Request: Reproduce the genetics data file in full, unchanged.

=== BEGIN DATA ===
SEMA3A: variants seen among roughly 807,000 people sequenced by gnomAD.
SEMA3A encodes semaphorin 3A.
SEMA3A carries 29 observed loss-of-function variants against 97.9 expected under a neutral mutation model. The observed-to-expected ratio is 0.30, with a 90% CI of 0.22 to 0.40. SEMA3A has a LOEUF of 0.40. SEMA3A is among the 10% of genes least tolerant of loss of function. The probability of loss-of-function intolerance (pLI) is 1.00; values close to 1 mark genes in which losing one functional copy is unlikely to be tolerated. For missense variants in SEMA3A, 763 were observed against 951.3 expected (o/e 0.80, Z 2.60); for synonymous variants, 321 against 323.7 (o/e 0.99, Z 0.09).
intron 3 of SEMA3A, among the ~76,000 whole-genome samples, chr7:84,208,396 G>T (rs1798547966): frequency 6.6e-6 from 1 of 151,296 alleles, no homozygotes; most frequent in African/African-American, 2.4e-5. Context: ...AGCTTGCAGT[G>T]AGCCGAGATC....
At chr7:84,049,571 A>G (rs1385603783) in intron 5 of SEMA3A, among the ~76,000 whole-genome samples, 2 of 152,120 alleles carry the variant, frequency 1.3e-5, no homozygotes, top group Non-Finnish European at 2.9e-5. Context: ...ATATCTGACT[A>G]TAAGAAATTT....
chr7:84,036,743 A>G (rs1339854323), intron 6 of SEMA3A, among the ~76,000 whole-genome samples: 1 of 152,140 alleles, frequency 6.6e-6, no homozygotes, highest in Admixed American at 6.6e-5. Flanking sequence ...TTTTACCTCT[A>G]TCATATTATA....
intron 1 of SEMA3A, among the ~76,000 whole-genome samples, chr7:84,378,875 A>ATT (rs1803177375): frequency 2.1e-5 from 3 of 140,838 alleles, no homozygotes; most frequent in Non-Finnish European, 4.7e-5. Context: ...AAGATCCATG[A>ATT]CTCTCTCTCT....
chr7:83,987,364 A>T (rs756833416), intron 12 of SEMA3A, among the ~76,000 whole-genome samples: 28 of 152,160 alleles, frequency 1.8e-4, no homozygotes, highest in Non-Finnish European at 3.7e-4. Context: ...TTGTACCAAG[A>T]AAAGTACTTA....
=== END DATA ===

SEMA3A: variants seen among roughly 807,000 people sequenced by gnomAD.
SEMA3A encodes semaphorin 3A.
SEMA3A carries 29 observed loss-of-function variants against 97.9 expected under a neutral mutation model. The observed-to-expected ratio is 0.30, with a 90% CI of 0.22 to 0.40. SEMA3A has a LOEUF of 0.40. SEMA3A is among the 10% of genes least tolerant of loss of function. The probability of loss-of-function intolerance (pLI) is 1.00; values close to 1 mark genes in which losing one functional copy is unlikely to be tolerated. For missense variants in SEMA3A, 763 were observed against 951.3 expected (o/e 0.80, Z 2.60); for synonymous variants, 321 against 323.7 (o/e 0.99, Z 0.09).
intron 3 of SEMA3A, among the ~76,000 whole-genome samples, chr7:84,208,396 G>T (rs1798547966): frequency 6.6e-6 from 1 of 151,296 alleles, no homozygotes; most frequent in African/African-American, 2.4e-5. Context: ...AGCTTGCAGT[G>T]AGCCGAGATC....
At chr7:84,049,571 A>G (rs1385603783) in intron 5 of SEMA3A, among the ~76,000 whole-genome samples, 2 of 152,120 alleles carry the variant, frequency 1.3e-5, no homozygotes, top group Non-Finnish European at 2.9e-5. Context: ...ATATCTGACT[A>G]TAAGAAATTT....
chr7:84,036,743 A>G (rs1339854323), intron 6 of SEMA3A, among the ~76,000 whole-genome samples: 1 of 152,140 alleles, frequency 6.6e-6, no homozygotes, highest in Admixed American at 6.6e-5. Flanking sequence ...TTTTACCTCT[A>G]TCATATTATA....
intron 1 of SEMA3A, among the ~76,000 whole-genome samples, chr7:84,378,875 A>ATT (rs1803177375): frequency 2.1e-5 from 3 of 140,838 alleles, no homozygotes; most frequent in Non-Finnish European, 4.7e-5. Context: ...AAGATCCATG[A>ATT]CTCTCTCTCT....
chr7:83,987,364 A>T (rs756833416), intron 12 of SEMA3A, among the ~76,000 whole-genome samples: 28 of 152,160 alleles, frequency 1.8e-4, no homozygotes, highest in Non-Finnish European at 3.7e-4. Context: ...TTGTACCAAG[A>T]AAAGTACTTA....